Lamont-Doherty Earth Observatory
A significant reorganization of the global thermohaline ocean circulation occurred approximately 900 thousand years ago (ka) during the Mid-Pleistocene Transition (MPT). At this time, glacial atmospheric CO2 decreased and ice age cycles transitioned from 41-kyr periodicity to the 100-kyr pacing characteristic for the late Pleistocene. The deep Pacific is the global ocean’s largest carbon reservoir and as such likely played a role in CO2 storage on glacial- interglacial timescales. I propose to use the B/Ca proxy for carbonate saturation in the benthic foraminifer Cibicidoides wuellerstorfi to investigate the evolution of the deep Pacific carbon reservoir across the MPT. I will test the hypothesis that the deep Pacific played a significant role in CO2 drawdown and storage across this interval.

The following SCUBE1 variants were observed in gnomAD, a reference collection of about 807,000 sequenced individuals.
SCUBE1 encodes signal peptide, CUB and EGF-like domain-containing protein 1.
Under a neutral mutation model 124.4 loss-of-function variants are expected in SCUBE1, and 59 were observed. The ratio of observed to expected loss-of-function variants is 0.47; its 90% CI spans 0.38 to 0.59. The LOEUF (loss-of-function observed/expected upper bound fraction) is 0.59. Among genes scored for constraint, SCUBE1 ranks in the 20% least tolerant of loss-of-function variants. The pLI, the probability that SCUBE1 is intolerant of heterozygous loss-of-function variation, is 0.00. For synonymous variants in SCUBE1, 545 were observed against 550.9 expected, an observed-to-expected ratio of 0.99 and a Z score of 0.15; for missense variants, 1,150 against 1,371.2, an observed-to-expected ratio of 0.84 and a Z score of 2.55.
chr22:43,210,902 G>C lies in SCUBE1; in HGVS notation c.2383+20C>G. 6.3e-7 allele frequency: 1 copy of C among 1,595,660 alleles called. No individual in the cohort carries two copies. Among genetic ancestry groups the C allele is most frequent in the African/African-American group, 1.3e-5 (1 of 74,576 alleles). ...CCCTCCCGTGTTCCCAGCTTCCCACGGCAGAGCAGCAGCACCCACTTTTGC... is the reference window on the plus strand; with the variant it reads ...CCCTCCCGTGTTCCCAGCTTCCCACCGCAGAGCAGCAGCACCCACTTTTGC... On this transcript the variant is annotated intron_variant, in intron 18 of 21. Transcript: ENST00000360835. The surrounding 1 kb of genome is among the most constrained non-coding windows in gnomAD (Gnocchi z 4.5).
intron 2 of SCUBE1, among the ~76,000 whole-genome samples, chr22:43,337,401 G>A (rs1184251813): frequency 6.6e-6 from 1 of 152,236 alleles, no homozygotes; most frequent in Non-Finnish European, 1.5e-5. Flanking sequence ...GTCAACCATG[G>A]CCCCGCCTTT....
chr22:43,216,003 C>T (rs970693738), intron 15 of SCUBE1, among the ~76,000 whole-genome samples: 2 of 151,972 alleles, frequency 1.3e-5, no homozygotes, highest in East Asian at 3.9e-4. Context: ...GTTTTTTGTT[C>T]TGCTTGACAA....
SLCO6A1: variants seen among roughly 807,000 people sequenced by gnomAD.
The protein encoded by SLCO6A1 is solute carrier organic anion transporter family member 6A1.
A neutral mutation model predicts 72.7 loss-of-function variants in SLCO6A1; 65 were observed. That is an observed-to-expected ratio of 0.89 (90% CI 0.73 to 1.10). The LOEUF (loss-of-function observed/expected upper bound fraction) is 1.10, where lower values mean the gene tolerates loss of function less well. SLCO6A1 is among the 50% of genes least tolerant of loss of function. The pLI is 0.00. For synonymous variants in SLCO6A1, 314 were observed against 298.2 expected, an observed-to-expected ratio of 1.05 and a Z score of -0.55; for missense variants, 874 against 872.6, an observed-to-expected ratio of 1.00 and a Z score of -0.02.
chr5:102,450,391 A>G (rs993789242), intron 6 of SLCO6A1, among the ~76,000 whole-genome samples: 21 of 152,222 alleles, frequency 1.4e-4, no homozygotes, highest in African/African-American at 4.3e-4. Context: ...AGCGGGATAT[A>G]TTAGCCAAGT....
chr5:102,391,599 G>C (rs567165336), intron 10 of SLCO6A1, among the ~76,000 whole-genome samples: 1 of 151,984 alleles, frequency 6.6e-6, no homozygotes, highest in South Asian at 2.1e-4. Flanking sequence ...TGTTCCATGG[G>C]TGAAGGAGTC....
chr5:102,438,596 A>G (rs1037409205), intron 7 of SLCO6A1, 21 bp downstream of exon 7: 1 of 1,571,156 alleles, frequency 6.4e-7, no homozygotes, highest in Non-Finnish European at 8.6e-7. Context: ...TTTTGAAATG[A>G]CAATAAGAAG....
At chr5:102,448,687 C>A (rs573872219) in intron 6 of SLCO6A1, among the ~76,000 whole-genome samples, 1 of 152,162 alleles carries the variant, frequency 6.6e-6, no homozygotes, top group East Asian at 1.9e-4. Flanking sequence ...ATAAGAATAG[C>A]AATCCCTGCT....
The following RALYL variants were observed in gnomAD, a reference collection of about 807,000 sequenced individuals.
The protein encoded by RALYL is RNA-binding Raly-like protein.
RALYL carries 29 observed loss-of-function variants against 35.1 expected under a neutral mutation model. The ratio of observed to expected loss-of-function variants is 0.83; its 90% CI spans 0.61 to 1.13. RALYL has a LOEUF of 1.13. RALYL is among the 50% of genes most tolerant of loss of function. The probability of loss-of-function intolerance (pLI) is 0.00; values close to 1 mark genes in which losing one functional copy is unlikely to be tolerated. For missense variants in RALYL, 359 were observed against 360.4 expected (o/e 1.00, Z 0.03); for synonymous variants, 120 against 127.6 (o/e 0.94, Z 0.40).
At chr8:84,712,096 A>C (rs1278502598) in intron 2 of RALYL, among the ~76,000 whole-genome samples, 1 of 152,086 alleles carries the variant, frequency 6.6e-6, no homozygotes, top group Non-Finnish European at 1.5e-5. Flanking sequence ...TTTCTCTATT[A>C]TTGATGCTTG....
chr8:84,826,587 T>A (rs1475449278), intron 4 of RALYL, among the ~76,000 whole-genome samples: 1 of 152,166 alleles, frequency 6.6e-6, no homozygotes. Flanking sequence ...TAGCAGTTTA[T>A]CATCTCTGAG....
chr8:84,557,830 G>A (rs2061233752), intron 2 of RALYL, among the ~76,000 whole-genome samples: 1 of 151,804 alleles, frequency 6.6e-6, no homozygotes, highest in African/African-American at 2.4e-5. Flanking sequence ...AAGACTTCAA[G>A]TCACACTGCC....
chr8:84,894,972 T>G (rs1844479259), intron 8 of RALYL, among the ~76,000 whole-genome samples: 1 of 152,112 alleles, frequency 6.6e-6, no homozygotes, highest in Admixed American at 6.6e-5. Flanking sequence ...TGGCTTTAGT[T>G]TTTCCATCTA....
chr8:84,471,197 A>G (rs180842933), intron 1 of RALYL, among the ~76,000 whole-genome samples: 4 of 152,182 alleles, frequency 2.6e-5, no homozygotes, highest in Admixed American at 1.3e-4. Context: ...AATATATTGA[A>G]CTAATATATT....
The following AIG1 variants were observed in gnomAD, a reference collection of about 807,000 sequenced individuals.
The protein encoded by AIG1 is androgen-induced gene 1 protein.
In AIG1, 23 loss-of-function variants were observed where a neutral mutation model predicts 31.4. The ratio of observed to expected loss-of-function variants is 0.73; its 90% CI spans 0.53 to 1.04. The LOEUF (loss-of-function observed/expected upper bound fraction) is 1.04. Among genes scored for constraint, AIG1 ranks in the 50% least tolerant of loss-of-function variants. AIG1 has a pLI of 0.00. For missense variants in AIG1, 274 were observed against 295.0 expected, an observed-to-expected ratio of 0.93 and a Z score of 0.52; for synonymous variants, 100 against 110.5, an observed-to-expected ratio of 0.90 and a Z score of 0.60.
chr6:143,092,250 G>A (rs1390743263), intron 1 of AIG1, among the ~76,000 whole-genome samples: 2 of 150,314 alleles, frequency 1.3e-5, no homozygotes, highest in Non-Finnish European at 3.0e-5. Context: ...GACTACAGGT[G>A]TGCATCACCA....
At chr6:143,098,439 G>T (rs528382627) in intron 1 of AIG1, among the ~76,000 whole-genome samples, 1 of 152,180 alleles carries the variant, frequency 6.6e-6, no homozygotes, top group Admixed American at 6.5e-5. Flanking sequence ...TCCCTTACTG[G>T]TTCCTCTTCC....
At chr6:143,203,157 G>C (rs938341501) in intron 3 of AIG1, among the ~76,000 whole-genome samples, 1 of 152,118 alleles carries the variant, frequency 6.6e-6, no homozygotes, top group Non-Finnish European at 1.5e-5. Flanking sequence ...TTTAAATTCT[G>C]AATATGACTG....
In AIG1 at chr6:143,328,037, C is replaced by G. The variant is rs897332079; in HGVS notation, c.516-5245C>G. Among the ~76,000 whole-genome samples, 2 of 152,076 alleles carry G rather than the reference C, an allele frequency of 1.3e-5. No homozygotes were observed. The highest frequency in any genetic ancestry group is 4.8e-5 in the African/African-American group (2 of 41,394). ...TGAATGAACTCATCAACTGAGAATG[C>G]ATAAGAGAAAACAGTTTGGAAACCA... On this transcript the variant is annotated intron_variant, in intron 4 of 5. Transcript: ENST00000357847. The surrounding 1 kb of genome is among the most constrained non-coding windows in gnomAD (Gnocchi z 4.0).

When I started my undergraduate career at Pomona College, I was excited to study anthropogenic climate change and focused on a degree in Environmental Policy. After taking an introductory geology class on Earth History with Dr. Robert Gaines, however, I realized the power of putting modern climate change in a geologic context. Fascinated by interpreting records of earth’s climatic history, I set out on a career in paleoclimatology. This brought me to my current work with Dr. Bärbel Hönisch at Columbia University. In our lab, we use boron-based proxies in foraminifera to reconstruct the geologic history of ocean acidification and the oceanic carbon cycle. I began my PhD with series of culture calibration experiments in living planktic foraminifera aimed at interpreting the ocean acidification that occurred during the Paleocene-Eocene Thermal Maximum. My work has more recently shifted to reconstructing changes to deep Atlantic Ocean carbon storage across the Mid-Pleistocene Transition. The Schlanger Fellowship will allow me to investigate whether the Deep Pacific Ocean also played a major role in carbon storage across the MPT, possibly in response to the large circulation changes observed in the Atlantic.